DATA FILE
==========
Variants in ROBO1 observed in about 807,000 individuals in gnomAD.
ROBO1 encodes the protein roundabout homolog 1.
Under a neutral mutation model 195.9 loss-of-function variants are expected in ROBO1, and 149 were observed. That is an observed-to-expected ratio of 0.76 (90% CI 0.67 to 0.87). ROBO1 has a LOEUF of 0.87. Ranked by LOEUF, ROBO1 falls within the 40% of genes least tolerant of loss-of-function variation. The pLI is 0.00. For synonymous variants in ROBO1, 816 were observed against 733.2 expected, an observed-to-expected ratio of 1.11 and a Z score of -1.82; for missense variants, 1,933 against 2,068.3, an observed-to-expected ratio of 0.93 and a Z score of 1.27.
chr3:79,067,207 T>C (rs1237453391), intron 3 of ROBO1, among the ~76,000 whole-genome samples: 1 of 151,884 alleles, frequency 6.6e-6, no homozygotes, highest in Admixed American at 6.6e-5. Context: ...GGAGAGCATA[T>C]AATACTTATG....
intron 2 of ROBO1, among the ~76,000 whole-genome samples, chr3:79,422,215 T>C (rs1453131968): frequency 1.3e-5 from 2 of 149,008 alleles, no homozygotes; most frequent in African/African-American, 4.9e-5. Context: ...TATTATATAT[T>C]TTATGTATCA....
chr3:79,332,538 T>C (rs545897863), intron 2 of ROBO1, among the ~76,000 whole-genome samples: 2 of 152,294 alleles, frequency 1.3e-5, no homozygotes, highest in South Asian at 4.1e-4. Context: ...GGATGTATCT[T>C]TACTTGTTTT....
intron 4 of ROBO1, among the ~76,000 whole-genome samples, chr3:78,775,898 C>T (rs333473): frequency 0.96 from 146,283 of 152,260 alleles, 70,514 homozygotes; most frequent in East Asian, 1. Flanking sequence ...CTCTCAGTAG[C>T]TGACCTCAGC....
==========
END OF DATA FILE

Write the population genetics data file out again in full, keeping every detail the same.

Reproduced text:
Variants in ROBO1 observed in about 807,000 individuals in gnomAD.
ROBO1 encodes the protein roundabout homolog 1.
Under a neutral mutation model 195.9 loss-of-function variants are expected in ROBO1, and 149 were observed. That is an observed-to-expected ratio of 0.76 (90% CI 0.67 to 0.87). ROBO1 has a LOEUF of 0.87. Ranked by LOEUF, ROBO1 falls within the 40% of genes least tolerant of loss-of-function variation. The pLI is 0.00. For synonymous variants in ROBO1, 816 were observed against 733.2 expected, an observed-to-expected ratio of 1.11 and a Z score of -1.82; for missense variants, 1,933 against 2,068.3, an observed-to-expected ratio of 0.93 and a Z score of 1.27.
chr3:79,067,207 T>C (rs1237453391), intron 3 of ROBO1, among the ~76,000 whole-genome samples: 1 of 151,884 alleles, frequency 6.6e-6, no homozygotes, highest in Admixed American at 6.6e-5. Context: ...GGAGAGCATA[T>C]AATACTTATG....
intron 2 of ROBO1, among the ~76,000 whole-genome samples, chr3:79,422,215 T>C (rs1453131968): frequency 1.3e-5 from 2 of 149,008 alleles, no homozygotes; most frequent in African/African-American, 4.9e-5. Context: ...TATTATATAT[T>C]TTATGTATCA....
chr3:79,332,538 T>C (rs545897863), intron 2 of ROBO1, among the ~76,000 whole-genome samples: 2 of 152,294 alleles, frequency 1.3e-5, no homozygotes, highest in South Asian at 4.1e-4. Context: ...GGATGTATCT[T>C]TACTTGTTTT....
intron 4 of ROBO1, among the ~76,000 whole-genome samples, chr3:78,775,898 C>T (rs333473): frequency 0.96 from 146,283 of 152,260 alleles, 70,514 homozygotes; most frequent in East Asian, 1. Flanking sequence ...CTCTCAGTAG[C>T]TGACCTCAGC....